The mobile carrier is particularly focused on bridging the “homework gap” that exists for students without broadband, which Mr. Claure said particularly hurts low-income African-American and Hispanic children. “Being a Hispanic C.E.O., this bothers me,” he said.
Sprint’s new program, called the 1 Million Project, will provide high school students from low-income families free laptops, tablets or smartphones and three gigabytes of free high-speed data every month. After reaching that data limit, which is the equivalent of browsing for 60 hours or sending 3,000 emails, students will be switched to slower broadband speeds but still have free texting and calling.
The program will be rolled out in seven to 10 cities, including Kansas City, Mo., early next year, before becoming more widely available in the 2017-18 school year. Nonprofits including My Brother’s Keeper Alliance and EveryoneOn will recruit students for the nine-year program, and Sprint will use its stores and customer service representatives to sign up and serve the students.
Mr. Claure plans to introduce the program to President Obama in a meeting on Tuesday in Greensboro, N.C., along with My Brother’s Keeper Alliance, of which Mr. Claure is a board member. The White House has started several programs in the last year with corporate partners to provide free or subsidized broadband to schools, libraries and public housing.
The new program’s cost to Sprint is minimal because it doesn’t require additional network upgrades; instead, it would be the equivalent of adding more cars to a highway, the company said. And there is social value for Sprint in doing this.
“People will look at Sprint as a good guy,” Mr. Claure said. “Brands that create social value by making a meaningful difference in people’s lives are in a stronger position to attract new customers.”
Comcast has also expanded its Internet Essentials program, which began by serving families with children in free- or reduced-cost lunch programs. It now targets low-income populations that live in public housing. Comcast offered the program in 2011 as a voluntary commitment to the Justice Department and the Federal Communications Commission to make its acquisition of NBCUniversal a public benefit, which was one of the requirements for approval of the deal.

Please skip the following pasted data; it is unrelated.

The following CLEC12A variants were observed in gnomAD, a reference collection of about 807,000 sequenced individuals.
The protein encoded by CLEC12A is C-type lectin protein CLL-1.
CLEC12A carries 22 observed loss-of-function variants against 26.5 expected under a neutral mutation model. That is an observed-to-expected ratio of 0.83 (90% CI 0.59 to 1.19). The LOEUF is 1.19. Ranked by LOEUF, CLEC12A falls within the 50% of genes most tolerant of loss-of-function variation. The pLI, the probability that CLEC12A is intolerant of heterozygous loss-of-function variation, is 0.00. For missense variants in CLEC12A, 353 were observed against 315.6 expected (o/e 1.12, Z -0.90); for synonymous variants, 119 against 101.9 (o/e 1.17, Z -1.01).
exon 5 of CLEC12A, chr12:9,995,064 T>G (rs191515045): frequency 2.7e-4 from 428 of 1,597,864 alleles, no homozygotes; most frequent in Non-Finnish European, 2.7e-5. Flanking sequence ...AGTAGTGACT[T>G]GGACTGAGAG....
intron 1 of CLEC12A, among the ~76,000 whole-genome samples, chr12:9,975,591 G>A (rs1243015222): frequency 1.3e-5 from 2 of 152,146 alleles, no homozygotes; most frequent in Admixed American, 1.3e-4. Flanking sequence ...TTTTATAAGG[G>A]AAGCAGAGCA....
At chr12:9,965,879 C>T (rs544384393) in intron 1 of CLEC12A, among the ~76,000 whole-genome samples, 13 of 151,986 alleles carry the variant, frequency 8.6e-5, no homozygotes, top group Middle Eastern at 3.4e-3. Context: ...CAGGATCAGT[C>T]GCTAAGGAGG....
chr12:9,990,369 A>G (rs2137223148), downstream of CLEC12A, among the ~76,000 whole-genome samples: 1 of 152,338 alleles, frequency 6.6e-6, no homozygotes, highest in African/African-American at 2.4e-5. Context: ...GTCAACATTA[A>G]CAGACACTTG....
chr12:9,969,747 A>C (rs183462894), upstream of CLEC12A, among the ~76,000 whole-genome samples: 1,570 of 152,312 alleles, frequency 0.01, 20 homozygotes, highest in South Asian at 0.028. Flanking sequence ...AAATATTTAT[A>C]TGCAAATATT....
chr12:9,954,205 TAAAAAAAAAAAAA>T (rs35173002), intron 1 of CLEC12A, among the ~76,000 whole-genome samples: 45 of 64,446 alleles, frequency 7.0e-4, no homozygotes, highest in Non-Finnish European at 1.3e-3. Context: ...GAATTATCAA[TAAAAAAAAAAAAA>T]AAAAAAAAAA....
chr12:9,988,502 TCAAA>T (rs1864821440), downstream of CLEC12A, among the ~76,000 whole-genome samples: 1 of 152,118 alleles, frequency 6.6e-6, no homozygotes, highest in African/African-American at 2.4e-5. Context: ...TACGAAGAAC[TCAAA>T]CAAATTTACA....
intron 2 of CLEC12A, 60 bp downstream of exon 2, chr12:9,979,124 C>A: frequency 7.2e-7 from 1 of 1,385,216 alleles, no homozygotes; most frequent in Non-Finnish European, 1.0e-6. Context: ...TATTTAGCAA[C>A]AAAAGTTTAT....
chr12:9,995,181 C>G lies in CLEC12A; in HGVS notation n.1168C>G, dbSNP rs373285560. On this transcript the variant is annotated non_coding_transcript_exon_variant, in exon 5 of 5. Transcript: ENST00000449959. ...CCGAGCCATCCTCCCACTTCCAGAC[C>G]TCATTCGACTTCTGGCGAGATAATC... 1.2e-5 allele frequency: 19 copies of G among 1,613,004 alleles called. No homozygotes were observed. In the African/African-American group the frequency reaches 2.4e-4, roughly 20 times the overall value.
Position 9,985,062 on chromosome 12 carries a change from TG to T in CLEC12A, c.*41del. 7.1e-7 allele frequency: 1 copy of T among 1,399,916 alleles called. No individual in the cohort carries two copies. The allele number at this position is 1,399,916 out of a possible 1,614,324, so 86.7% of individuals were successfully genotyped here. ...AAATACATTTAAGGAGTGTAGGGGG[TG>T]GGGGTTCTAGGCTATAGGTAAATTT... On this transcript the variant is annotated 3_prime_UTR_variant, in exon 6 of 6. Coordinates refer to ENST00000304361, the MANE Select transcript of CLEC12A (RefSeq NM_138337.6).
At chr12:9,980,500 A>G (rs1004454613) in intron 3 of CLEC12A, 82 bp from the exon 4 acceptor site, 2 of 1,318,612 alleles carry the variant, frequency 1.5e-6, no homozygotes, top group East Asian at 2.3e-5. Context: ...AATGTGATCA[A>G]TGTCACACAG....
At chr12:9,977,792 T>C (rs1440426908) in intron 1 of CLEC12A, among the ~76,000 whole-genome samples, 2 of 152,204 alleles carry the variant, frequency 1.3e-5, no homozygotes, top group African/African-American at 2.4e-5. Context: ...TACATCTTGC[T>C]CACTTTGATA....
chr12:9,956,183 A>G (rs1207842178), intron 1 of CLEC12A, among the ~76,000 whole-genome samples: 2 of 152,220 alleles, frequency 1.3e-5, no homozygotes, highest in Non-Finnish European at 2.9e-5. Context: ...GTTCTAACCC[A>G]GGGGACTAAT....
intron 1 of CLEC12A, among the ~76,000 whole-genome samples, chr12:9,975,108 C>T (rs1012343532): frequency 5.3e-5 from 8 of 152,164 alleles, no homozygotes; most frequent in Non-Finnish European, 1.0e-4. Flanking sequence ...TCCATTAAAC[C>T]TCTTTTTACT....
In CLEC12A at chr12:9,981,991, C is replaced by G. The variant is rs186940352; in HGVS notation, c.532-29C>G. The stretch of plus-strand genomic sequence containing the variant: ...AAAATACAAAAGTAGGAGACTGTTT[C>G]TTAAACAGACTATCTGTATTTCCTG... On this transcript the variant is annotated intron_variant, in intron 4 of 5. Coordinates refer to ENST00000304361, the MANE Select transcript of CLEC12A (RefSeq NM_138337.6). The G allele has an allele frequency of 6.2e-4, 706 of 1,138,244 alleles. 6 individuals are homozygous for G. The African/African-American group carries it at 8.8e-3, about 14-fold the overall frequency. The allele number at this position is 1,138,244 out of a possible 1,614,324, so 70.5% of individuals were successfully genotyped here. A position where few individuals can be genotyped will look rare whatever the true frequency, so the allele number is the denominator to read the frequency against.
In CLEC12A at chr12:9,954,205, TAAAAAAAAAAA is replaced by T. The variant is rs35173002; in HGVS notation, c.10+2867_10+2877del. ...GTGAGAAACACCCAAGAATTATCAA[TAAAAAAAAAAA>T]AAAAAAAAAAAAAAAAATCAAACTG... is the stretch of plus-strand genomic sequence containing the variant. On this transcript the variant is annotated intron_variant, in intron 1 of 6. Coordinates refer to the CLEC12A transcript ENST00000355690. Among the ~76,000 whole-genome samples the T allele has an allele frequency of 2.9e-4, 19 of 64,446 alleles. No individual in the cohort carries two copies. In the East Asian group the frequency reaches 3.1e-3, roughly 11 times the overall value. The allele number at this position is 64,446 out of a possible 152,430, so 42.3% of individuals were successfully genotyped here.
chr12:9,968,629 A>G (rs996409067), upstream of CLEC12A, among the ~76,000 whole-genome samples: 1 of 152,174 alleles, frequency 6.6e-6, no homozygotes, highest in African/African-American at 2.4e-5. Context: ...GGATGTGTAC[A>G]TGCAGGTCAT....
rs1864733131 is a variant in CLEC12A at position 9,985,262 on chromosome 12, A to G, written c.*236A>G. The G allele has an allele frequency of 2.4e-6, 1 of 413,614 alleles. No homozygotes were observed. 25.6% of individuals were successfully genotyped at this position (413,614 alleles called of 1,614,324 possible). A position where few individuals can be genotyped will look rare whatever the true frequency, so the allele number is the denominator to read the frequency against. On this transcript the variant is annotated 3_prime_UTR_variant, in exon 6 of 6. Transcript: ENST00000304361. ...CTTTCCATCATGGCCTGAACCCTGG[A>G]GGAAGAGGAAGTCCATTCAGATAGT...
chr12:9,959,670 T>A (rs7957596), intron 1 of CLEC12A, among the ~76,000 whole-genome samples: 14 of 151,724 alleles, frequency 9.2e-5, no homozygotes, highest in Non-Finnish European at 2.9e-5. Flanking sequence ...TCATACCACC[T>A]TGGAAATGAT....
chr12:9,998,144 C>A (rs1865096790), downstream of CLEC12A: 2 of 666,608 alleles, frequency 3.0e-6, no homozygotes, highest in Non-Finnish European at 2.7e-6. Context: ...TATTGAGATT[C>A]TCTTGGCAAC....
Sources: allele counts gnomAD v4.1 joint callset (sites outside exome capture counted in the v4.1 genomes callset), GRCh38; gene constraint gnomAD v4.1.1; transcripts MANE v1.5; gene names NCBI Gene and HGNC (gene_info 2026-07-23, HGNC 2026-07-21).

David L. Cohen, senior executive vice president of Comcast, said in a statement, “The purpose of the program is not to convert Internet Essentials customers into paying customers.”
More recently, Facebook has been working to persuade United States officials to approve its Free Basics program, according to four people involved in the discussions, who spoke on the condition of anonymity because the conversations were private.
The Silicon Valley company, which has been vocal about connecting everyone on the globe to its site, has already introduced Free Basics in such countries such as Malawi and Indonesia. But it ran into issues in India last year, when public interest groups protested that the program discriminated against certain websites by providing free access only to Facebook and its partners. Regulators ended up blocking the service.
In the United States, Facebook has met with several members of the F.C.C. and officials at the White House to assure them that the service won’t disadvantage or block other websites, according to several people who have been at the meetings. The Washington Post reported about the meetings last week.
Facebook did not offer a timeline for a rollout of Free Basics in the United States.
“While we have nothing to announce, Facebook’s mission is to connect the world, and we’re always exploring ways to do that, including in the United States,” the company said in a statement.